(Translated by Rifat Munim)
We can see the mountain from our city.
French Ultramarine mountain range.
It looks blue because it is too distant.
Crossing the river one can travel the distance on foot. Or one can hire a rickshaw. When we set out to go there, we just walk. We see a magic happening while we walk—the blue mountain turns green all of a sudden. Viridian green. But it is barely noticeable. At least we could never notice. Not when we were kids, nor after we grew up. We choose not to notice. How can one live without some magic?
There is this program called “Secrets of Magic” on TV. We do not watch it. No one does in our city. No one watches how to master the techniques of magic; we want to remain bewildered with the magic happening right in front of our eyes.
How does the mountain’s blue turn green? Is there any yellow hue concealed somewhere on those mountains? Yellow hue, when mixed with blue, turns green, so we have learnt from school textbooks. Those who are well versed in art also mix yellow with blue to create green hue. They paint. It is they who at some point must have implanted in us the idea that there is some yellow hue on every mountain. Childish thought! Yet we determine to climb up the mountain to find the yellow hue. But what a shame! All of the mountains are within the boundary of another country, not ours. If we try to climb up without passport and visa the border guards may as well shoot us dead. They can be spotted from the borderline on the valley—the border guards. They keep their watch brandishing heavy rifles. None of us has passport or visa. Nor do we require them. We do not usually venture out leaving our enchanting town. Maybe the yellow hue on the ranges is just a childish thought yet we want to know if our town could really be seen from the mountaintop. Not by day but at night. Does our city look like a town of fireflies?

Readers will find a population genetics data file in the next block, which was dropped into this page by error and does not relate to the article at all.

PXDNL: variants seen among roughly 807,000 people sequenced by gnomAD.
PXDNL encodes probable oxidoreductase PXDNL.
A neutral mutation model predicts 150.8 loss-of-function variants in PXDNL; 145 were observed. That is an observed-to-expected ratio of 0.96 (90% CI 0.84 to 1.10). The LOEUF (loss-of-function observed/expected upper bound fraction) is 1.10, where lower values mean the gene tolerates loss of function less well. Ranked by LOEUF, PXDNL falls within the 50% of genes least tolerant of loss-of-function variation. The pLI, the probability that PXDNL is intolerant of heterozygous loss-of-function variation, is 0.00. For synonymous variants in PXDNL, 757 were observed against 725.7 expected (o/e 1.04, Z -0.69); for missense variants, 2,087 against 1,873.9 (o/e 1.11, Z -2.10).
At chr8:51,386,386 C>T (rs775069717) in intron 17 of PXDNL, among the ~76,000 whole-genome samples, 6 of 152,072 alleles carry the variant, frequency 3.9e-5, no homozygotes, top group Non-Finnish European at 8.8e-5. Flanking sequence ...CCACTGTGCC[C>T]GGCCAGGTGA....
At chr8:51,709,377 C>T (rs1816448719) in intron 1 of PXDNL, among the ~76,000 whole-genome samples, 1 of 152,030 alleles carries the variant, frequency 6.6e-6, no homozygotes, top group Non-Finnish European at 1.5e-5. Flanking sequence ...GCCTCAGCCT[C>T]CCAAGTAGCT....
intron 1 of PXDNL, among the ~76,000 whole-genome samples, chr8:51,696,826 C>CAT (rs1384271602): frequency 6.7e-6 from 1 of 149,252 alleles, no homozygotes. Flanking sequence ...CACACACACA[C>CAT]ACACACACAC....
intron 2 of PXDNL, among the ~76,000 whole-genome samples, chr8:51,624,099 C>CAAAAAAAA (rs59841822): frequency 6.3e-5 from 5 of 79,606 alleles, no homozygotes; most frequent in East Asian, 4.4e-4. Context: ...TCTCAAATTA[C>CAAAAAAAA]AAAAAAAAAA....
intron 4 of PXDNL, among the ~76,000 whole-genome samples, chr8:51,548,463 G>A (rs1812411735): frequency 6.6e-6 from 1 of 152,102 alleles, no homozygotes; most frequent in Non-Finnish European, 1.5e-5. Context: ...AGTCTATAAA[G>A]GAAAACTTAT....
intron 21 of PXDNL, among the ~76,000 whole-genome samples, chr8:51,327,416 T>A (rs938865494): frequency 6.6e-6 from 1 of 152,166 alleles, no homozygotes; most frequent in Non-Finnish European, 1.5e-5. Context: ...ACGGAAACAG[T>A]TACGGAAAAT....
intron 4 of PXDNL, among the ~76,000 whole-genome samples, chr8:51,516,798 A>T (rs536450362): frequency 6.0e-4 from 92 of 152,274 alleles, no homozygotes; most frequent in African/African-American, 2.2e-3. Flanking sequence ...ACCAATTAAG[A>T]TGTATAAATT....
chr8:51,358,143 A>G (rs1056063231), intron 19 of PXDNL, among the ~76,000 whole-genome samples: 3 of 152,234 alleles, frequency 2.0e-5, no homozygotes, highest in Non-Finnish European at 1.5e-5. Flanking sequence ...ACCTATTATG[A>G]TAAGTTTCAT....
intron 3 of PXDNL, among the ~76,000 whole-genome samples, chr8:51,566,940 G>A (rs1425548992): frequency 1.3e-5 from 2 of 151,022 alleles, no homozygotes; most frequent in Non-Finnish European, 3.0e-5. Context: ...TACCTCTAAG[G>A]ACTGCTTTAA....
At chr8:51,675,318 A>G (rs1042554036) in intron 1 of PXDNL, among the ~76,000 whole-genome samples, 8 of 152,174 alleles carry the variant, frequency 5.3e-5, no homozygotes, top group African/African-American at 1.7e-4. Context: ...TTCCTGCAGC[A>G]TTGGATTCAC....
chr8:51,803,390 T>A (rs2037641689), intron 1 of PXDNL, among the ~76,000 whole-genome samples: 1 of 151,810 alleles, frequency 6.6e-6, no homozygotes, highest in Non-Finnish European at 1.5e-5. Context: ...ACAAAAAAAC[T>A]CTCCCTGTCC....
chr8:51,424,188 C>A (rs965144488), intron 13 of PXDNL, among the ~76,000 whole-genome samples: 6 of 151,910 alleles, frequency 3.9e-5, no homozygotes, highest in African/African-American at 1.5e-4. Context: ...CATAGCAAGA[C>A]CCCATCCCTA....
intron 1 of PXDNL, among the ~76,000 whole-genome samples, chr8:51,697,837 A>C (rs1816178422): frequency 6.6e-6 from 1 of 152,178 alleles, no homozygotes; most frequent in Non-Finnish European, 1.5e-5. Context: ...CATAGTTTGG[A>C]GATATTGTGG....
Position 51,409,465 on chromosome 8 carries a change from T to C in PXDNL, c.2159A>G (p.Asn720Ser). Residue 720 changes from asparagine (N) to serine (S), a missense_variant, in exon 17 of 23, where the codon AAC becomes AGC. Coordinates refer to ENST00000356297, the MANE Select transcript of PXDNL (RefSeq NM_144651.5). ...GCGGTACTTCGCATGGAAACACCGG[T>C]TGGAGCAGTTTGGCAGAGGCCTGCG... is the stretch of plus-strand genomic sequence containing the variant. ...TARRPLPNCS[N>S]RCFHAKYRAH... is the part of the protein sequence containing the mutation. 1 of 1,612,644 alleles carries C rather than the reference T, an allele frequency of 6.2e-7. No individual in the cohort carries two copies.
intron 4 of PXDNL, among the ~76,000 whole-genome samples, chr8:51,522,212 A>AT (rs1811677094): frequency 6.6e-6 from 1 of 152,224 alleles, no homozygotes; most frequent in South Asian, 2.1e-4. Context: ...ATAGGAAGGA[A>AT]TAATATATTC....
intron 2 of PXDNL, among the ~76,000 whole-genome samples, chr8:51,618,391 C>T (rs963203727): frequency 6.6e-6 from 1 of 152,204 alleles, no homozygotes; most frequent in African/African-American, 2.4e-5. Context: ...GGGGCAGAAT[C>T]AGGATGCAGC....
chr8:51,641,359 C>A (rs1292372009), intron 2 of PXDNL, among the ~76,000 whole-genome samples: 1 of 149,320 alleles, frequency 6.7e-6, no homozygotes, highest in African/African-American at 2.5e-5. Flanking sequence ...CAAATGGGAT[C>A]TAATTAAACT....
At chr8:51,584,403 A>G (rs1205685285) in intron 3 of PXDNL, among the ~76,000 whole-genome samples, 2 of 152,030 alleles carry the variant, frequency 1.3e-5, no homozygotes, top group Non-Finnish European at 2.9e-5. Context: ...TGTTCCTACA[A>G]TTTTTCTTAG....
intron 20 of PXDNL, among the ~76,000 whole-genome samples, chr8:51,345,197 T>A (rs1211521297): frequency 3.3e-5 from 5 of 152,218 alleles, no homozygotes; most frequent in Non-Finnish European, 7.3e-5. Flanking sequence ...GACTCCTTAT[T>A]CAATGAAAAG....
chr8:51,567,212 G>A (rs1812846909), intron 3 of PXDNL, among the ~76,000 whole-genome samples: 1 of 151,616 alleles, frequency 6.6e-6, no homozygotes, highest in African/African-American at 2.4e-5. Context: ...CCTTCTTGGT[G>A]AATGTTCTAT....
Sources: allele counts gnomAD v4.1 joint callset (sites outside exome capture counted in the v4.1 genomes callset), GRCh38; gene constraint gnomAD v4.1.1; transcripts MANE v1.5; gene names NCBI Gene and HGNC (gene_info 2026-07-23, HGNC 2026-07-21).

Everything has been going quite well except one day when something troubling happens. One man from the town visits the valley below. He returns with a piece of rock. He says he’s found it in a bird’s nest. The nest, he says, was lying on the valley; perhaps it fell from one of the trees standing along the edge above. What a strange story! We examine the small rock. Due to the full moon, the color of the rock appears deep blue. Cobalt blue. Then it appears purple. Then it turns high risk red. This rock is retrieved from a bird’s nest! We rejoice: “This is amazing! Magic rock!”
We utter these words with wonderment.
On full moon nights in our town, lampposts on the streets are stripped of electricity connection. Full moon nights in Aswin, Hemanta (Bengali month and season, respectively). The moon grows powerful as the night progresses. Some of us stroll through the whole night. We spot something moving vaguely when the night is winding up yet not quite—during a time like that. His obscure face now becomes clear. Running off out of breath. Yesterday this man collected a magic rock from the valley below. Why is he running like crazy now? What’s happened to him?
“The rock has ruptured and spread out!”